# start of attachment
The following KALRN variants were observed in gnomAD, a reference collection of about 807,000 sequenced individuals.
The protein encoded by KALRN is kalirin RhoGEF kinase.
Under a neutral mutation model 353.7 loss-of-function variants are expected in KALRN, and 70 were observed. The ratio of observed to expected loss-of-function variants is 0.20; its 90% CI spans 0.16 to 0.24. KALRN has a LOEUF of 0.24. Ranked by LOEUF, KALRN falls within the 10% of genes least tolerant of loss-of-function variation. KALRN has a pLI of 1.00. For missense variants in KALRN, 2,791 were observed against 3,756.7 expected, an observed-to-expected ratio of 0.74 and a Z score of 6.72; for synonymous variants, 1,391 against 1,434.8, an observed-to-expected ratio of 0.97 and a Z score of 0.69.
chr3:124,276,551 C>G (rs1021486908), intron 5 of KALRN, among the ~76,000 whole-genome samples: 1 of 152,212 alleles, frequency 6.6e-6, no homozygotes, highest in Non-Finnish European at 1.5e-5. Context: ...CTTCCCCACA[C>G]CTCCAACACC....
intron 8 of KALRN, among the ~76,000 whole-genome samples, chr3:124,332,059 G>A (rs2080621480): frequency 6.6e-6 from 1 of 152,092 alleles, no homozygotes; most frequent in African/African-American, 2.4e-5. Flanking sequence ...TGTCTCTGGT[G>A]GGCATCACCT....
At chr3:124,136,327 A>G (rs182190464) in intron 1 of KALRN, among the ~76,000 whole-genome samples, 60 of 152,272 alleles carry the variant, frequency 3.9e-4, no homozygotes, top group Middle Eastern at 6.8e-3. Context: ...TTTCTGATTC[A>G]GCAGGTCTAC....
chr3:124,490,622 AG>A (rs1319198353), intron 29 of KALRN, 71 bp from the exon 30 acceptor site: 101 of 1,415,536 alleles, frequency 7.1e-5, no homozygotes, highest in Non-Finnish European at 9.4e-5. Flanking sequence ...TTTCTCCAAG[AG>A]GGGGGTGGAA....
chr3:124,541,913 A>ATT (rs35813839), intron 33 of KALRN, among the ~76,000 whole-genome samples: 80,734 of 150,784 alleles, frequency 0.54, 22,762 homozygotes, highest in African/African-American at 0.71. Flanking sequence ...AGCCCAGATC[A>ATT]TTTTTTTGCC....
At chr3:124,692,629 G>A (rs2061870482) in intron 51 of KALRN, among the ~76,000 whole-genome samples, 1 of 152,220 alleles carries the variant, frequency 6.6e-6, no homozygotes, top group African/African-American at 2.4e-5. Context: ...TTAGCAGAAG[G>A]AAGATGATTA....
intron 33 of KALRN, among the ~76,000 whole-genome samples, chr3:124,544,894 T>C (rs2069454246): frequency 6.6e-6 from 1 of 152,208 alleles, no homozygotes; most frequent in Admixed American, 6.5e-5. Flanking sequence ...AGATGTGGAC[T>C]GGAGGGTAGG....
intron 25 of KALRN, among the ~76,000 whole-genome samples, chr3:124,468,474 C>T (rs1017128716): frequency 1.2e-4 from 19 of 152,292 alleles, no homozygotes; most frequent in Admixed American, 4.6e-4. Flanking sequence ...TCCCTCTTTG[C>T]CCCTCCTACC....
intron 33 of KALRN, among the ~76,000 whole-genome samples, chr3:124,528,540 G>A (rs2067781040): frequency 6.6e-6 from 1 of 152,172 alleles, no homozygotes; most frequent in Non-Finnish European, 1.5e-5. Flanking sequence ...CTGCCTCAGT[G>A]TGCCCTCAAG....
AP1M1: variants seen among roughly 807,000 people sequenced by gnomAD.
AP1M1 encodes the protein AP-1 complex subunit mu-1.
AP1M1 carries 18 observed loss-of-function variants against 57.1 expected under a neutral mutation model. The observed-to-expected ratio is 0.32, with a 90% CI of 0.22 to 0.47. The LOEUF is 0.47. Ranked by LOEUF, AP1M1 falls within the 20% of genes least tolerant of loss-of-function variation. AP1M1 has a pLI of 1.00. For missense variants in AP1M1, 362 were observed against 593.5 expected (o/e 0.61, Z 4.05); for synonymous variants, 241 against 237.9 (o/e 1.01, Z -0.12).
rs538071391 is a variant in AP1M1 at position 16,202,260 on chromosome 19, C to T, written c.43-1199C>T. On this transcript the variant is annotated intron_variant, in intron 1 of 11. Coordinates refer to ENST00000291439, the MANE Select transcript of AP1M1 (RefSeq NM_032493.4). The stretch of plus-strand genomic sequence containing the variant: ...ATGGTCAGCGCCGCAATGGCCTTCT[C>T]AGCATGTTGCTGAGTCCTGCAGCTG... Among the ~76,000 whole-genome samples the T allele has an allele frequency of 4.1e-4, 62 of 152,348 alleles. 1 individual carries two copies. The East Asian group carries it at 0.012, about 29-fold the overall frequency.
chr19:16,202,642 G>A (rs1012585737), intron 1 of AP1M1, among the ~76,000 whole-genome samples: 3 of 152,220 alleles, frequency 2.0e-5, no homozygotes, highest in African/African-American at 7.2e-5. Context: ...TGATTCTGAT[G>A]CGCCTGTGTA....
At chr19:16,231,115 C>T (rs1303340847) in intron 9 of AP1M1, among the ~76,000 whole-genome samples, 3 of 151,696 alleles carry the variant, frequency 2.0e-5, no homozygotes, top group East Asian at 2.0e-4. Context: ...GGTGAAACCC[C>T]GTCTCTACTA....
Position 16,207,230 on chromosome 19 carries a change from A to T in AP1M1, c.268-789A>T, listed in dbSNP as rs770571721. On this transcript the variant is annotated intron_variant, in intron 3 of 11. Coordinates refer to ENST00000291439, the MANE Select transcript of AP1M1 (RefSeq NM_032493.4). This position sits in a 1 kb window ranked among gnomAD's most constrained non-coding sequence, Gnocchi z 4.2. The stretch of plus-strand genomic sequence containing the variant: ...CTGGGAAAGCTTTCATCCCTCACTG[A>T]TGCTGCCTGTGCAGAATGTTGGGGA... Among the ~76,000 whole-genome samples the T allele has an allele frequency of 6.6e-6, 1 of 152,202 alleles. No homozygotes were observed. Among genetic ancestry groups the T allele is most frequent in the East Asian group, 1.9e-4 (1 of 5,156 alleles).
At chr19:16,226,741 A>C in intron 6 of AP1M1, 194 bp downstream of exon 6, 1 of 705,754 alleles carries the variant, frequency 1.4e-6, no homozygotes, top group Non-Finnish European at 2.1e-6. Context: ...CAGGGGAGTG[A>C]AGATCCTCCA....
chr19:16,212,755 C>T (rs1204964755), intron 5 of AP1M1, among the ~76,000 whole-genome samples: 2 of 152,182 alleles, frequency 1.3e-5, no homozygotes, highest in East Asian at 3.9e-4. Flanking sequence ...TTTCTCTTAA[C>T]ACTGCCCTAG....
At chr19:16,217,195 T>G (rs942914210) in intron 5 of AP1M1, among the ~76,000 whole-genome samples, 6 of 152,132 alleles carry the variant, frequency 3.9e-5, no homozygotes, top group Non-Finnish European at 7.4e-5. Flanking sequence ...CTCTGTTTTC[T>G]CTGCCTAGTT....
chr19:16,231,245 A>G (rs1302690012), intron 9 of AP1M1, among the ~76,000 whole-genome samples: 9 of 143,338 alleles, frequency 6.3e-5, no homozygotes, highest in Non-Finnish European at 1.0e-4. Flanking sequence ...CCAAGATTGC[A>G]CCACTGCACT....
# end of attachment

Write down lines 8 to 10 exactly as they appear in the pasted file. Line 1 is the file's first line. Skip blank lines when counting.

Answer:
chr3:124,541,913 A>ATT (rs35813839), intron 33 of KALRN, among the ~76,000 whole-genome samples: 80,734 of 150,784 alleles, frequency 0.54, 22,762 homozygotes, highest in African/African-American at 0.71. Flanking sequence ...AGCCCAGATC[A>ATT]TTTTTTTGCC....
At chr3:124,692,629 G>A (rs2061870482) in intron 51 of KALRN, among the ~76,000 whole-genome samples, 1 of 152,220 alleles carries the variant, frequency 6.6e-6, no homozygotes, top group African/African-American at 2.4e-5. Context: ...TTAGCAGAAG[G>A]AAGATGATTA....
intron 33 of KALRN, among the ~76,000 whole-genome samples, chr3:124,544,894 T>C (rs2069454246): frequency 6.6e-6 from 1 of 152,208 alleles, no homozygotes; most frequent in Admixed American, 6.5e-5. Flanking sequence ...AGATGTGGAC[T>C]GGAGGGTAGG....